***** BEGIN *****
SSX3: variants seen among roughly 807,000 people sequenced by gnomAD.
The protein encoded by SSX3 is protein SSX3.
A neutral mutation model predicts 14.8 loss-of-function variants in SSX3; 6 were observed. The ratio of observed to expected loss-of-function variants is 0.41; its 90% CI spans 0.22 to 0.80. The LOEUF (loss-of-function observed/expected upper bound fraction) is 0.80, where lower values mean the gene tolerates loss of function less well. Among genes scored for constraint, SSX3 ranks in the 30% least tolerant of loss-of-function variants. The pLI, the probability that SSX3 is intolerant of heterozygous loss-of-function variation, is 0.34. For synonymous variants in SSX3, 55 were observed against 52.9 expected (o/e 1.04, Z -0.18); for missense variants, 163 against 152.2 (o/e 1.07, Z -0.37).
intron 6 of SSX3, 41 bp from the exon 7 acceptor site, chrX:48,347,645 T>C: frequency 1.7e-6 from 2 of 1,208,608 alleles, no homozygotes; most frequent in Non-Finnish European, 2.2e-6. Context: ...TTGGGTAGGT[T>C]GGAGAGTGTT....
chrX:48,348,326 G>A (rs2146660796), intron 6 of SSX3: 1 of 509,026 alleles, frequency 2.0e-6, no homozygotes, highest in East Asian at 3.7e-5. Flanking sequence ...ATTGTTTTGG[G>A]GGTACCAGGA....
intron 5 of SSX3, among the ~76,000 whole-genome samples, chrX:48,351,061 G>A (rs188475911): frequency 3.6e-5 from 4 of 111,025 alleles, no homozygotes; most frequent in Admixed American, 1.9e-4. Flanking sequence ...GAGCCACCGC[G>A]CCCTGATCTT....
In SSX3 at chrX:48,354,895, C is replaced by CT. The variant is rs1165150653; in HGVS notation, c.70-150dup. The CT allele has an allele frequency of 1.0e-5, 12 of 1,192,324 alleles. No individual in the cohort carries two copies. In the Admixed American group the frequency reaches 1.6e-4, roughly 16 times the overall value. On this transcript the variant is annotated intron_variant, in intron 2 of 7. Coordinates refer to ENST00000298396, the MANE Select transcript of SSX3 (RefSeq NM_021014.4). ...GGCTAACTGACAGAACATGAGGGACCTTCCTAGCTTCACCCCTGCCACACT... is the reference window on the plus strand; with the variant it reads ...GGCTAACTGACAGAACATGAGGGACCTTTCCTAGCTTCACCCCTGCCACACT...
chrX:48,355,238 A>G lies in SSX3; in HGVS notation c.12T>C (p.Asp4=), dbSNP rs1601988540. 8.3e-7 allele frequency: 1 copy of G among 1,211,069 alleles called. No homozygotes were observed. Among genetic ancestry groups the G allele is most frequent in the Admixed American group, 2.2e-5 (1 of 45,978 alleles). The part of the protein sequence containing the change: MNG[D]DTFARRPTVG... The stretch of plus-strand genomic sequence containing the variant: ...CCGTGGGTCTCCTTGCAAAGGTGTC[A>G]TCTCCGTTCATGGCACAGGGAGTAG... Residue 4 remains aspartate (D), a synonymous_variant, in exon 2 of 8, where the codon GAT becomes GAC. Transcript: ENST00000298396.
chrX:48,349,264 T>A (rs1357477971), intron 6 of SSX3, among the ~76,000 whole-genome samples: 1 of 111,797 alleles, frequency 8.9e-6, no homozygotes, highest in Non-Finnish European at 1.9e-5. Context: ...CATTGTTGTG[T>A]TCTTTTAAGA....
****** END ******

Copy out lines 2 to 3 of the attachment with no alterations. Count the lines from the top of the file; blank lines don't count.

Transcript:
The protein encoded by SSX3 is protein SSX3.
A neutral mutation model predicts 14.8 loss-of-function variants in SSX3; 6 were observed. The ratio of observed to expected loss-of-function variants is 0.41; its 90% CI spans 0.22 to 0.80. The LOEUF (loss-of-function observed/expected upper bound fraction) is 0.80, where lower values mean the gene tolerates loss of function less well. Among genes scored for constraint, SSX3 ranks in the 30% least tolerant of loss-of-function variants. The pLI, the probability that SSX3 is intolerant of heterozygous loss-of-function variation, is 0.34. For synonymous variants in SSX3, 55 were observed against 52.9 expected (o/e 1.04, Z -0.18); for missense variants, 163 against 152.2 (o/e 1.07, Z -0.37).